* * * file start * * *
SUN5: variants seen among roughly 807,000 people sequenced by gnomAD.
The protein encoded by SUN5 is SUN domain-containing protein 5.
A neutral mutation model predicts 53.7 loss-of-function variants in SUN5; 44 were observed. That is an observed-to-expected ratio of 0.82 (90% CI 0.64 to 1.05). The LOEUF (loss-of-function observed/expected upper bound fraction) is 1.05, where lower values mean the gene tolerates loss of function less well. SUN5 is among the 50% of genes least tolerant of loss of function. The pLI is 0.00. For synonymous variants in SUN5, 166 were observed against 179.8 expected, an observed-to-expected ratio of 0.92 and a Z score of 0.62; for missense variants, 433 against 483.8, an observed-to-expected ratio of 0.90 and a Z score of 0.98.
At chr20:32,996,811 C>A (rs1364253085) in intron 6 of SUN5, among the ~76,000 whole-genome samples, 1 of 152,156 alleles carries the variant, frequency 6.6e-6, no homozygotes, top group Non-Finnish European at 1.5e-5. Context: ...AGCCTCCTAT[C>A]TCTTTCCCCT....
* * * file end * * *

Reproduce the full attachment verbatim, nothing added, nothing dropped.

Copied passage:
SUN5: variants seen among roughly 807,000 people sequenced by gnomAD.
The protein encoded by SUN5 is SUN domain-containing protein 5.
A neutral mutation model predicts 53.7 loss-of-function variants in SUN5; 44 were observed. That is an observed-to-expected ratio of 0.82 (90% CI 0.64 to 1.05). The LOEUF (loss-of-function observed/expected upper bound fraction) is 1.05, where lower values mean the gene tolerates loss of function less well. SUN5 is among the 50% of genes least tolerant of loss of function. The pLI is 0.00. For synonymous variants in SUN5, 166 were observed against 179.8 expected, an observed-to-expected ratio of 0.92 and a Z score of 0.62; for missense variants, 433 against 483.8, an observed-to-expected ratio of 0.90 and a Z score of 0.98.
At chr20:32,996,811 C>A (rs1364253085) in intron 6 of SUN5, among the ~76,000 whole-genome samples, 1 of 152,156 alleles carries the variant, frequency 6.6e-6, no homozygotes, top group Non-Finnish European at 1.5e-5. Context: ...AGCCTCCTAT[C>A]TCTTTCCCCT....